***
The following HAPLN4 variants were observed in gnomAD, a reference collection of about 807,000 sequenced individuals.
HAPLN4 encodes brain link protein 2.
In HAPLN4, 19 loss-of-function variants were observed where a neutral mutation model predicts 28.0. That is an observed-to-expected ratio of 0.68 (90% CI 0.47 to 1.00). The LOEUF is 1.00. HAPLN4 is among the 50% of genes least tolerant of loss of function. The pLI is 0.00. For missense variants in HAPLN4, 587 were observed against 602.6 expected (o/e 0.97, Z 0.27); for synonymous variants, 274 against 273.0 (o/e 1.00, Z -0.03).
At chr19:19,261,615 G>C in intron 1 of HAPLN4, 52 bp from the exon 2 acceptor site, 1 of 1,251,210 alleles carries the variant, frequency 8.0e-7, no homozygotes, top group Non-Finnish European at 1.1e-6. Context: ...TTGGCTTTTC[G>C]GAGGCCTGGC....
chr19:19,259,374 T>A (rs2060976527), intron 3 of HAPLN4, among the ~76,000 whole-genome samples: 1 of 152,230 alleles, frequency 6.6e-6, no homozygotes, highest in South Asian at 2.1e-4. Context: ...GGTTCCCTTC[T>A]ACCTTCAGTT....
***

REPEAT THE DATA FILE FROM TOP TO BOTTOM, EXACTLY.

The following HAPLN4 variants were observed in gnomAD, a reference collection of about 807,000 sequenced individuals.
HAPLN4 encodes brain link protein 2.
In HAPLN4, 19 loss-of-function variants were observed where a neutral mutation model predicts 28.0. That is an observed-to-expected ratio of 0.68 (90% CI 0.47 to 1.00). The LOEUF is 1.00. HAPLN4 is among the 50% of genes least tolerant of loss of function. The pLI is 0.00. For missense variants in HAPLN4, 587 were observed against 602.6 expected (o/e 0.97, Z 0.27); for synonymous variants, 274 against 273.0 (o/e 1.00, Z -0.03).
At chr19:19,261,615 G>C in intron 1 of HAPLN4, 52 bp from the exon 2 acceptor site, 1 of 1,251,210 alleles carries the variant, frequency 8.0e-7, no homozygotes, top group Non-Finnish European at 1.1e-6. Context: ...TTGGCTTTTC[G>C]GAGGCCTGGC....
chr19:19,259,374 T>A (rs2060976527), intron 3 of HAPLN4, among the ~76,000 whole-genome samples: 1 of 152,230 alleles, frequency 6.6e-6, no homozygotes, highest in South Asian at 2.1e-4. Context: ...GGTTCCCTTC[T>A]ACCTTCAGTT....